DEGREE Engineering Mechanics, PhD
Doctoral degree in engineering mechanics
As a PhD student in engineering mechanics, you’ll delve deeper into several main areas of the mechanics of materials and astronautics: continuum mechanics, computational mechanics, dynamics and vibration, fluid mechanics, nanomechanics, solid mechanics, and biomechanics. Additionally, you can add breadth to your education with a minor in a number of related fields, including civil and environmental engineering, chemical and biological engineering, electrical and computer engineering, materials science, mechanical engineering, nuclear engineering and engineering physics, physics, geological engineering and geology, mathematics, statistics, and computer science.
At a glance
Engineering physics department
Learn more about what information you need to apply.
_{Please consult the table below for key information about this degree program’s admissions requirements. The program may have more detailed admissions requirements, which can be found below the table or on the program’s website.} _{Graduate admissions is a two-step process between academic programs and the Graduate School. Applicants must meet the minimum requirements of the Graduate School as well as the program(s). Once you have researched the graduate program(s) you are interested in, apply online.} |
Fall Deadline | December 15 |
Spring Deadline | October 1 |
Summer Deadline | December 15 |
GRE (Graduate Record Examinations) | Required.* |
English Proficiency Test | Every applicant whose native language is not English or whose undergraduate instruction was not in English must provide an English proficiency test score and meet the Graduate School minimum requirements (https://grad.wisc.edu/apply/requirements/#english-proficiency). |
Other Test(s) (e.g., GMAT, MCAT) | n/a |
Letters of Recommendation Required | 3 |
* | a) Current UW-Madison NE/EP/EMA undergraduate students are not required to submit GRE scores. b) Due to COVID-19, GRE scores are not required for all applications to Engineering Mechanics graduate programs for the Spring 2022, Summer 2022, and Fall 2022 terms. |
The Graduate School sets minimum requirements for admissions. Academic program admission requirements are often more rigorous than those set by the Graduate School. Please check the program website for details and admissions deadlines.
Tuition
Tuition and segregated fee rates are always listed per semester (not for Fall and Spring combined).
Graduate School Resources
Resources to help you afford graduate study might include assistantships, fellowships, traineeships, and financial aid. Further funding information is available from the Graduate School. Be sure to check with your program for individual policies and restrictions related to funding.
Program Resources
Offers of financial support from the Department, College, and University are in the form of research assistantships (RAs), teaching assistantships (TAs), project assistantships (PAs), and partial or full fellowships. Prospective PhD students that receive such offers will have a minimum five-year guarantee of support. The funding for RAs comes from faculty research grants. Each professor decides on his or her own RA offers, and a portion of the top domestic applicants is invited to visit Madison in order to meet faculty members and tour the department facilities. International applicants must secure an RA, TA, PA, fellowship, or independent funding before admission is final. Funded students are expected to maintain full-time enrollment. See the program website for additional information.
In the Department of Engineering Physics, we strive to design and deploy unique world-class experimental and computational capabilities to translate novel discoveries into transformative technologies. Having a broad range of laboratory facilities and collaborative centers at the right scale for energy and mechanics research is a hallmark of the department. The technologies we develop can solve challenges in energy, health, space, security and many other areas.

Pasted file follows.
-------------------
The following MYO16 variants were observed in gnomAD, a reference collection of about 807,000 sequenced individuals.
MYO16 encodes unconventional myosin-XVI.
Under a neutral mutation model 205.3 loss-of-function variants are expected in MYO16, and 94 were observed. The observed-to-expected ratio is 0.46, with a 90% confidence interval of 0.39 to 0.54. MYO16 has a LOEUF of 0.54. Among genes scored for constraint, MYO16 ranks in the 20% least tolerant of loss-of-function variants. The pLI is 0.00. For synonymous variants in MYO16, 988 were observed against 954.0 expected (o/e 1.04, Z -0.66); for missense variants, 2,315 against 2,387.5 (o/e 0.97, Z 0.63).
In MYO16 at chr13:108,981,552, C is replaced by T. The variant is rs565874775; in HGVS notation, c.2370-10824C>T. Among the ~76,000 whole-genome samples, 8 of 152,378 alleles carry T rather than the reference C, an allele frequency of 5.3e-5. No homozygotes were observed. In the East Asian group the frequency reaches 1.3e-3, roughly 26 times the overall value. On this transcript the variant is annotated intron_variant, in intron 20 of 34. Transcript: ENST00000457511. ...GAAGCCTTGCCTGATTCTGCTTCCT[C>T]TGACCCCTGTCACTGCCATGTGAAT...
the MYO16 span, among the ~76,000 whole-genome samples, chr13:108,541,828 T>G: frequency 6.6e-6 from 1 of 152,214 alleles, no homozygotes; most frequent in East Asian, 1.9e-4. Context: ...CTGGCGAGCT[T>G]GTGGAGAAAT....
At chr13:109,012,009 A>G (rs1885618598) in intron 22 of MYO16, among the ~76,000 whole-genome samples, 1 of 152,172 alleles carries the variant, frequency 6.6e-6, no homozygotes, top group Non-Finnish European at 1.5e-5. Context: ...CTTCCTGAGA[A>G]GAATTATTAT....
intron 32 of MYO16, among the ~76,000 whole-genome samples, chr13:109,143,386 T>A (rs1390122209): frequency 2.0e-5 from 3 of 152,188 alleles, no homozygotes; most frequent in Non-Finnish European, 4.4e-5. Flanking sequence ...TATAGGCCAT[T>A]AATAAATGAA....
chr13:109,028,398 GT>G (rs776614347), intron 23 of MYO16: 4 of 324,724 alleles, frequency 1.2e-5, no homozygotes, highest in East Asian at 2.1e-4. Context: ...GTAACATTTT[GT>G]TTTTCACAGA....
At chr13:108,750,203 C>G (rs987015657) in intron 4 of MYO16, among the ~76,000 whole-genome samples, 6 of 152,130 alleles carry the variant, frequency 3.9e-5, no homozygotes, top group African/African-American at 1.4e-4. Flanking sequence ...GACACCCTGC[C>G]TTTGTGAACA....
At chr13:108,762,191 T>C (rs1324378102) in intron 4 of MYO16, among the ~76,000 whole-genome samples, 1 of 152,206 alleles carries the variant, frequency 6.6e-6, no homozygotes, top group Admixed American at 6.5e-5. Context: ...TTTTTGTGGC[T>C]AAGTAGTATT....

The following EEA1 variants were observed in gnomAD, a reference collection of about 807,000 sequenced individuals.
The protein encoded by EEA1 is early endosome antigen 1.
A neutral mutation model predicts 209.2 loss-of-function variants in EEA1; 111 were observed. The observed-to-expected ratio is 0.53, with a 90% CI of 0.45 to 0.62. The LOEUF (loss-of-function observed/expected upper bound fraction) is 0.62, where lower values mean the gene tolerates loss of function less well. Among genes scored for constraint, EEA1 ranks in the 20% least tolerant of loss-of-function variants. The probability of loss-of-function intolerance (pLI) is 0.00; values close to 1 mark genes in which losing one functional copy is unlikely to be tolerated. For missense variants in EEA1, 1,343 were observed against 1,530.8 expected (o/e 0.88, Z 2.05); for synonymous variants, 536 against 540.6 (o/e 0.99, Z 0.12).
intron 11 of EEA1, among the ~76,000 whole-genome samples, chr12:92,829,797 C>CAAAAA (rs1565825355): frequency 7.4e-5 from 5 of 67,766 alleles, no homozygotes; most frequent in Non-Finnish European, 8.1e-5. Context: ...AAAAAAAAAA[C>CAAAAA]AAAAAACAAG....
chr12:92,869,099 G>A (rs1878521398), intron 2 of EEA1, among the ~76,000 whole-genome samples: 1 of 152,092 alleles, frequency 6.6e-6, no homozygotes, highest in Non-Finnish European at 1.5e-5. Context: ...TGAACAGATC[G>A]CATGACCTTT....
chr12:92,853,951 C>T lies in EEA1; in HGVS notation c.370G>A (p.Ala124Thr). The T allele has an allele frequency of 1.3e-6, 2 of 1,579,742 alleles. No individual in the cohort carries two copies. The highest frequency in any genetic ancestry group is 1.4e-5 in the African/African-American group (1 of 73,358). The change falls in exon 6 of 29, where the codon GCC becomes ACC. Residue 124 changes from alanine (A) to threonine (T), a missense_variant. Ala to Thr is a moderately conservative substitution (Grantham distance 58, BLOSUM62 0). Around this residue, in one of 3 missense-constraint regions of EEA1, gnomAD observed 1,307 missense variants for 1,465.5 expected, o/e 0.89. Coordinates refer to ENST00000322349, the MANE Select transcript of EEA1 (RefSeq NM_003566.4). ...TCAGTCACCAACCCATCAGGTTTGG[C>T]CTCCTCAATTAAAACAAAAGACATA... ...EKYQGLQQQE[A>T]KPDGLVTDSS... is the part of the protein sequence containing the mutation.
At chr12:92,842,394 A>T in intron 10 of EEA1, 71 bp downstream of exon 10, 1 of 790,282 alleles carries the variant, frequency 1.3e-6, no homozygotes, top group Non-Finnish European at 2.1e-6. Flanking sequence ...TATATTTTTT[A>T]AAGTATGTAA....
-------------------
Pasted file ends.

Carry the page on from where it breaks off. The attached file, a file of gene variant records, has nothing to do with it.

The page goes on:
Minimum graduate school requirements
Review the Graduate School minimum academic progress and degree requirements, in addition to the program requirements listed below.
Minimum Credit Requirement | 60 credits |
Minimum Residence Credit Requirement | 32 credits |
Minimum Graduate Coursework Requirement | 30 of the required 60 credits must be in graduate-level coursework; courses with the Graduate Level Coursework attribute are identified and searchable in the university’s Course Guide (https://registrar.wisc.edu/course-guide/). In addition, at least 18 of the non-research credits must be in classes having the graduate-level designation. |
Overall Graduate GPA Requirement | 3.00 GPA required. |
Other Grade Requirements | Courses in which grades of BC, C, or below are received cannot be counted toward the degree except as follows: 1) Credits of C will be allowed provided they are balanced by twice as many credits of A or by four times as many credits of AB, 2) Credits of BC will be allowed provided they are balanced by twice as many credits of AB or by an equal number of credits of A. |
Assessments and Examinations | Ph.D. qualifying examination is required of all students. After acceptance of the student’s doctoral plan of study, the student must take an oral preliminary examination. Final oral examination is required at the end of the thesis work. |
Language Requirements | No language requirements. |
Doctoral Minor/Breadth Requirements | There are two minor options available: Minor Option A Students minor in a single department and satisfy the minor requirements of that department. Minor Option B (Distributed Minor) This option requires a minimum of 9 credits in two or more departments outside the major, in related courses selected for their relevance to a particular area of concentration. The following rules apply: 1. Courses typically included on or within the scope of the E M A Qualifying Exam shall not be considered acceptable for the Ph.D. Minor Option B. 2. At least 6 credits must be taken in courses listed in the UW-Madison Guide as "Grad 50%" courses. |